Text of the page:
What the Commonwealth Games 2022 would mean for Birmingham
Posted: Thu, 07 Sep 2017 10:36
How big is the Commonwealth Games?
The Commonwealth is association of independent nations spread over every continent and ocean.
Covering almost a third of the world's population (around 2.4 billion people), the Commonwealth incorporates a diverse mix of people from different religions, ethnicities and languages.
First held in 1930 and taking place every four years, the Commonwealth Games is an international sporting event designed to celebrate the wellbeing of people living inside the Commonwealth and to encourage education through sport development and physical recreation.
70 nations take part in the tournament, providing a total of around 5,000 athletes competing in more than 15 different sports and more than 250 events.
Also known as 'the friendly games', the Commonwealth Games is seen as a way up-and-coming athletes announce themselves on the world stage.
How many people watch the Commonwealth Games on TV?
During the last Commonwealth Games in Glasgow in 2014, the global TV audience topped 1.5 billion.
Around 9 million people from the UK tuned in to watch the opening ceremony.
Which venues will be used for Birmingham 2022?
Birmingham 2022 will involve 20 sports taking place across 19 venues.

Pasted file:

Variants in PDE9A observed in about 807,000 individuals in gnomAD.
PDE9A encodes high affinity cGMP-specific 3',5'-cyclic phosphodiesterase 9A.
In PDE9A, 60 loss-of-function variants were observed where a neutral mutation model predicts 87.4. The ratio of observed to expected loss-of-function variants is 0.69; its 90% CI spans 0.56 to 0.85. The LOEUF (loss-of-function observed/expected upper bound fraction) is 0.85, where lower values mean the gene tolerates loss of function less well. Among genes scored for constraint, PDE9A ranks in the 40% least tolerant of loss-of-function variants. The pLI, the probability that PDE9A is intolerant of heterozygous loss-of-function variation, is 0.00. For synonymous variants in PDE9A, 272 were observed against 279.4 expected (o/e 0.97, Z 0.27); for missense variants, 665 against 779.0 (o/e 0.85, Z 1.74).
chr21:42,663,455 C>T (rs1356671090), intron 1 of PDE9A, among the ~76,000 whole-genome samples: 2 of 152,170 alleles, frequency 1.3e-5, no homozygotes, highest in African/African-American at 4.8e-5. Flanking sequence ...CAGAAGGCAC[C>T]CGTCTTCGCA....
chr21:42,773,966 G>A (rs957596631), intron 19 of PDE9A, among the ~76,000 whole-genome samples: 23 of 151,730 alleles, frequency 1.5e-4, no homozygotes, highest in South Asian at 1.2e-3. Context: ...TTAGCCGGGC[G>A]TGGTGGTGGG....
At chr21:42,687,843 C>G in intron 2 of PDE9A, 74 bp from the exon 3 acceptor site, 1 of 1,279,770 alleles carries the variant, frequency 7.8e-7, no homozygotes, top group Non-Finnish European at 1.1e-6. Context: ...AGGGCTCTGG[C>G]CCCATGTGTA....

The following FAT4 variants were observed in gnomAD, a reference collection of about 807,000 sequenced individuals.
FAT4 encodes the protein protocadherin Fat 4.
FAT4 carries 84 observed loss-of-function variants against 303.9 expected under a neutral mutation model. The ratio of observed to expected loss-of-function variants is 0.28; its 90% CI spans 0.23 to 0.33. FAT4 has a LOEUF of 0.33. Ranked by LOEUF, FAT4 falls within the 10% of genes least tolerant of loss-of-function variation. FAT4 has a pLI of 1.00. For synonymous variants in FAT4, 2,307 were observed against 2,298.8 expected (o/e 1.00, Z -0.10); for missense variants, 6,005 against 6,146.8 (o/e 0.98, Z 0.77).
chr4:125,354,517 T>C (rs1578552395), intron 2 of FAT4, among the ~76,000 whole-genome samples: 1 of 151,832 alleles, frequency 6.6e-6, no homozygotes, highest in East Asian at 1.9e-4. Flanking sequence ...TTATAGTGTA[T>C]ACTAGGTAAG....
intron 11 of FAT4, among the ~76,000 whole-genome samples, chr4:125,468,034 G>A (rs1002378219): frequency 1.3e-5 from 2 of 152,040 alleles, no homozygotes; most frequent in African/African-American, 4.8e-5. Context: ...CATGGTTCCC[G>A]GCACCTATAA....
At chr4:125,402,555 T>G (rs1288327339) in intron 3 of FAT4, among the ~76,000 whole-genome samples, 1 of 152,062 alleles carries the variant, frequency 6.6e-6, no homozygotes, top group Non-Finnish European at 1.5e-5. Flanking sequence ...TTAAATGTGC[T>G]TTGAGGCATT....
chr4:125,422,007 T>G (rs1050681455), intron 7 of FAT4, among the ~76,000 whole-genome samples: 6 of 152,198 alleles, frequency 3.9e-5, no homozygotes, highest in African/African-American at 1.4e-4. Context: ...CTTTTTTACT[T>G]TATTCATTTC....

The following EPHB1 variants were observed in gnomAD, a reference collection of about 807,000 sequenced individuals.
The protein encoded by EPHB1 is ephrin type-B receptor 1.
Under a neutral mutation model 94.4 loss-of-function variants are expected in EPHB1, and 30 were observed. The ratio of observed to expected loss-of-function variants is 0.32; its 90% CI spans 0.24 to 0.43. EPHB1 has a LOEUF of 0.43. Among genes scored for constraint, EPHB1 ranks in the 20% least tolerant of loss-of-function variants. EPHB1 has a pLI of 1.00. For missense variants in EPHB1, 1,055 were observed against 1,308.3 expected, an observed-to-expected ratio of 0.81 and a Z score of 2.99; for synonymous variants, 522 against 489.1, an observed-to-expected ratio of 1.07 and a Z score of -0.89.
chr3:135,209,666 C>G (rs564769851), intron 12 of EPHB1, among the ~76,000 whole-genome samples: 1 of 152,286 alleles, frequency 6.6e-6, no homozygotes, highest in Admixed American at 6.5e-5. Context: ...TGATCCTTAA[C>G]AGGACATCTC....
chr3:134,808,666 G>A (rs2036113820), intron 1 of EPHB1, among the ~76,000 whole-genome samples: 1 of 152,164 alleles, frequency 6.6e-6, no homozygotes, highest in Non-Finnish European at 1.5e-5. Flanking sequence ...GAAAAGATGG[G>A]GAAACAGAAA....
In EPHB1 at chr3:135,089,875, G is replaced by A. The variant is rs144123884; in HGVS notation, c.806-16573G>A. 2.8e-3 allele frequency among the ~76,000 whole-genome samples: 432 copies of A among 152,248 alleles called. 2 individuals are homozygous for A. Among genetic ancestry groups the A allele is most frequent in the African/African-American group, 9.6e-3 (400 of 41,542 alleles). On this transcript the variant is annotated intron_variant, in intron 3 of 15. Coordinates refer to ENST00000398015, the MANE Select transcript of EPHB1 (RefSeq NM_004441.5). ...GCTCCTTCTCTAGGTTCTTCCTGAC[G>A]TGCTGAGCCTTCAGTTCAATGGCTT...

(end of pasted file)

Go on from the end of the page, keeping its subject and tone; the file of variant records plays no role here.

As it stands, only one venue is yet to be built - The New Sandwell Aquatics Centre.
How will the Games affect Birmingham and the West Midlands?
Hosting the Commonwealth Games in Birmingham is likely to have a hugely positive impact on the city and the wider West Midlands region.
When Glasgow hosted the Games back in 2014, the event attracted around 690,000 visitors, generating an extra £100 million to the city's economy.
Visitors spent an average of £98 a day during the event, supporting thousands of restaurants, bars and hotels across Glasgow and Scotland.
Hotel occupancy in the Glasgow is thought to have reached 95% during the 2 weeks of the event.
What's more, the economic benefits start a long time before the Games.
For Glasgow, the economic boost began in 2007, when it was announced as the 2014 host. Over the next seven years the build up to the Games generated an extra £390 million to the city's economy and supported around 1,200 jobs a year.